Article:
September 13, 2014
This morning, I came across a blog comment which is a good example of where I see metaphysics leading us astray. I replied to that comment, and this post will mainly be quoting my reply.
Here’s what I wrote, starting with a quote from the comment to which I was responding:
Kantian Naturalist: More precisely, the point of the act/potency distinction (energeia and dunamis, respectively) is to characterize how the world must be in order for there to be modally robust empirical generalizations.
As a piece of metaphysics — indeed, a fundamental position in what might be called “transcendental realism” — it strikes as perfectly right that we should ask “how must the world be in order for science to be possible?” as well as the Kantian question, “how must the mind be in order for science to be possible?” And in answering the former question, it seems perfectly right to say that the world must have modal structure, otherwise there is nothing to make our counterfactuals correct or incorrect. (This is different from the epistemological question of how to explain our conceptual grasp of modality.)
To me, this reads like philosophy’s version of “Adam and Eve.” That is to say, it comes across to me as the origins myth that is the founding belief of philosophy seen as religion.
I prefer the alternative: it is obvious that science is possible, so let’s investigate how does it actually work. Let’s not start with a dubious a priori assumption, that it works by generalization (induction).
September 11, 2014
I’ve occasionally suggested that I don’t do metaphysics. One of the comments to my previous post took me to task over that, saying that it was an example of doing metaphysics and that I was therefore contradicting myself.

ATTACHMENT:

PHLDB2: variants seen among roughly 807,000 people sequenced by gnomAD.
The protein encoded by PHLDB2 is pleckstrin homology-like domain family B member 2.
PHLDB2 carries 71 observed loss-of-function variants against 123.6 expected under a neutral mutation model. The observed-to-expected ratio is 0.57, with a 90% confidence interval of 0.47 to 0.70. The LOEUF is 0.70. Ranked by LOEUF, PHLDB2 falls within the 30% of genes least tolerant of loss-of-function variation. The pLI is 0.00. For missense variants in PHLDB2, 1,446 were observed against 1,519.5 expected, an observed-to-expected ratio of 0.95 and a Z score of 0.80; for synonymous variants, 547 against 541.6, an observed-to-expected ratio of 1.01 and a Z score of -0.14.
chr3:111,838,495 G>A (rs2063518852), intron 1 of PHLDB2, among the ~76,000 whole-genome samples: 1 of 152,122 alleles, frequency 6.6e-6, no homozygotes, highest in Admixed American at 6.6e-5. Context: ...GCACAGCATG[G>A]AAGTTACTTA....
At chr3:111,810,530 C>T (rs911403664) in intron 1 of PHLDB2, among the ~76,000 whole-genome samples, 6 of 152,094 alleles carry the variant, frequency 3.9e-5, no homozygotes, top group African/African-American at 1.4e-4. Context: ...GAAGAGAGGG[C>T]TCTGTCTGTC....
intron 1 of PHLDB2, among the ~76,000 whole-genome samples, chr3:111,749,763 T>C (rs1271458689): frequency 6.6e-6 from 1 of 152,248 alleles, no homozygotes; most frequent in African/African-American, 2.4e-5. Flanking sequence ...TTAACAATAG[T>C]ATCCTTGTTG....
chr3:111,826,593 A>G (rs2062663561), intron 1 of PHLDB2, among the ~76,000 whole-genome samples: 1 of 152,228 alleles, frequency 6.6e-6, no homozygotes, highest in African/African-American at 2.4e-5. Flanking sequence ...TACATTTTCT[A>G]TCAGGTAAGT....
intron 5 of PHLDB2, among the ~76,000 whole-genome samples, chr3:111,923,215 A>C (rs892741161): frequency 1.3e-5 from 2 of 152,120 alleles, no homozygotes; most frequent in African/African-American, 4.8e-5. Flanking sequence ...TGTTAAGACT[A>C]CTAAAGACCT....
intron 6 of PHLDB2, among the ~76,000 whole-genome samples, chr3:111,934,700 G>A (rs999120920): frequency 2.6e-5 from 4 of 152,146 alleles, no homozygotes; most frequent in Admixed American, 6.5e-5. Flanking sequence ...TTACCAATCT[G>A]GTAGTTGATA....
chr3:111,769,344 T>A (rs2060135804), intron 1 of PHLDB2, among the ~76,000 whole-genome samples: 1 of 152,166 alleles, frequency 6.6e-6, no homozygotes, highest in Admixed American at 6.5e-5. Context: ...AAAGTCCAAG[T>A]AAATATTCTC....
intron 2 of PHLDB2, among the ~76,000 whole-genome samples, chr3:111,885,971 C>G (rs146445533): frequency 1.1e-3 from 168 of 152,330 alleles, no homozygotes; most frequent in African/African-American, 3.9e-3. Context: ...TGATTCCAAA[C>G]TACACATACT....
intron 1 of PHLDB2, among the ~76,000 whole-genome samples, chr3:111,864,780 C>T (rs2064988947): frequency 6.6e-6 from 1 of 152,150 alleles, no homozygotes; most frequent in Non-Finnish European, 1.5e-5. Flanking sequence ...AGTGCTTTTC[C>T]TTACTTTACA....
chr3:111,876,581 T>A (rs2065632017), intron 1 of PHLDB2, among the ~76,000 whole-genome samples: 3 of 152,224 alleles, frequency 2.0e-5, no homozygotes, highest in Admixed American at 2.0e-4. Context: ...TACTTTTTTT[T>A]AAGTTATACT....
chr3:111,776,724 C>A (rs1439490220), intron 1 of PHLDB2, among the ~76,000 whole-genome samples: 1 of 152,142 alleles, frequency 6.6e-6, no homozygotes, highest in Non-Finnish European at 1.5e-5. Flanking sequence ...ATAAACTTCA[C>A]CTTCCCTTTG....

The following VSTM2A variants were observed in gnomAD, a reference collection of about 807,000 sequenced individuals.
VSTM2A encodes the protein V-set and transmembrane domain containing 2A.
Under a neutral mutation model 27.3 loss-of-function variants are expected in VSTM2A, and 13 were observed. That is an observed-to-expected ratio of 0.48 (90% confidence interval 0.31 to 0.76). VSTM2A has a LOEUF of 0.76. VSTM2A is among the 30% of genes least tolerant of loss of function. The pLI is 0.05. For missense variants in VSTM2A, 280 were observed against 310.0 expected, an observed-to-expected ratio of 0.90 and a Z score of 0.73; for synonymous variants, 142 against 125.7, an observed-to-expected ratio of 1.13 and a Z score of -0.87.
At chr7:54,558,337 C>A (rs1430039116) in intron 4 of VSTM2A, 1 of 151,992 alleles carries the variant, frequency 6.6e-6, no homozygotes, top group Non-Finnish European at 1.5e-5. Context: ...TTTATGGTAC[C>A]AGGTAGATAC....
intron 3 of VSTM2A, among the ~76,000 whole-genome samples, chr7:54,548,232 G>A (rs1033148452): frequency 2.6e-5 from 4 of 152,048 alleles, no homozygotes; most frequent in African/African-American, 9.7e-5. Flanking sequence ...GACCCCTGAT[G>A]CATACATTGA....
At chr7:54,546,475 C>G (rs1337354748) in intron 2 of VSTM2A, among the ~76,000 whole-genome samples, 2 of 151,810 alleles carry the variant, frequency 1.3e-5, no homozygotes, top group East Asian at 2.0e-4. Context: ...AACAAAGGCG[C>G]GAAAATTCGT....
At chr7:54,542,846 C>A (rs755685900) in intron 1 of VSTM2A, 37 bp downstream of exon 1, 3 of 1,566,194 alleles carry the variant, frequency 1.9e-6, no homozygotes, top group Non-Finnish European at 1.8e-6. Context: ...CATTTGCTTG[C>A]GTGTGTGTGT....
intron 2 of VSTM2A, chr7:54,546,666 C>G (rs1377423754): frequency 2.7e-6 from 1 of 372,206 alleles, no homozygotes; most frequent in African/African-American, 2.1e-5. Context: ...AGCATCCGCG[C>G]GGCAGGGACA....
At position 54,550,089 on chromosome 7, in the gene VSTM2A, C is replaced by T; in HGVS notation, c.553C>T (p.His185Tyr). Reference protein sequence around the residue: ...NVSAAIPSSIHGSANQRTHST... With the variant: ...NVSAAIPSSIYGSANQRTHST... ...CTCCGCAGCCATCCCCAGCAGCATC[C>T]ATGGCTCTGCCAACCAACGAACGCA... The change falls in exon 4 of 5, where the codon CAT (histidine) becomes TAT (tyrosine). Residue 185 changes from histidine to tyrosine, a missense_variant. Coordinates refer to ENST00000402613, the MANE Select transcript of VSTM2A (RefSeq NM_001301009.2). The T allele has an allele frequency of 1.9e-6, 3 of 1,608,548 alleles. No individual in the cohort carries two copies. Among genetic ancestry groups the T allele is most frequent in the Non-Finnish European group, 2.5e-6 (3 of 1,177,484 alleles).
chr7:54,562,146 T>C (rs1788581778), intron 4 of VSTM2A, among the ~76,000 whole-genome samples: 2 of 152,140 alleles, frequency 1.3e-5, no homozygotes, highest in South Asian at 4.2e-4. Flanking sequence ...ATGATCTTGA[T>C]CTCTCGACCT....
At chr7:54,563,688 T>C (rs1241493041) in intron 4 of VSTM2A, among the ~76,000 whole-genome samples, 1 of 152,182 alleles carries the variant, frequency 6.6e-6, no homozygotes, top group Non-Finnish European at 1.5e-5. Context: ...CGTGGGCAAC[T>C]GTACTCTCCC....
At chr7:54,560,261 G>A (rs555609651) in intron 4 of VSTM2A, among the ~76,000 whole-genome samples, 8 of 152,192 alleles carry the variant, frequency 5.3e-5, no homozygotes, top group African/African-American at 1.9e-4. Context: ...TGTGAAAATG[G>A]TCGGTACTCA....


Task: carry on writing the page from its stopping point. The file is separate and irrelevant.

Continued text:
Such literalism. This kind of quibbling is part of why many scientists are dismissive of philosophy. Here, I’ll try to clear up that confusion.
What I’m against
Of course, every thinking person will do some thinking about metaphysical questions, self-included. We can’t help it. We are confronted with these questions, posed by others. They may be questions that have no answers. But we will think about them anyway.
What I oppose, is using metaphysical assumptions as a basis for other reasoning, such as reasoning about knowledge.
I’ll illustrate the point with mathematics. There, I avoid platonist assumptions. I usually consider myself a fictionalists (mathematical entities are useful fictions). And I suppose that, technically, fictionalism is considered a metaphysical position. But the point of fictionalism is to avoid making assumptions about the existence of mathematical entities by treating them as fictions.
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September 1, 2014
In a recent post over at Scientia Salon
Mark O’Brien asks a question and gives his own answer with:
Could a computer ever be conscious? I think so, at least in principle.
As O’Brien says, people have very different intuitions on this question. My own intuition disagrees with that of O’Brien.
After a short introduction, O’Brien presents two starting assumptions that he makes, and that he will use to support his intuition on the question.
Empirical assumption 1: I assume naturalism. If your objection to computationalism comes from a belief that you have a supernatural soul anchored to your brain, this discussion is simply not for you.
Personally, I do not assume naturalism. However, I also do not believe that I have a supernatural soul. I don’t assume naturalism, because I have never been clear on what such an assumption entails. I guess it is too much metaphysics for me.
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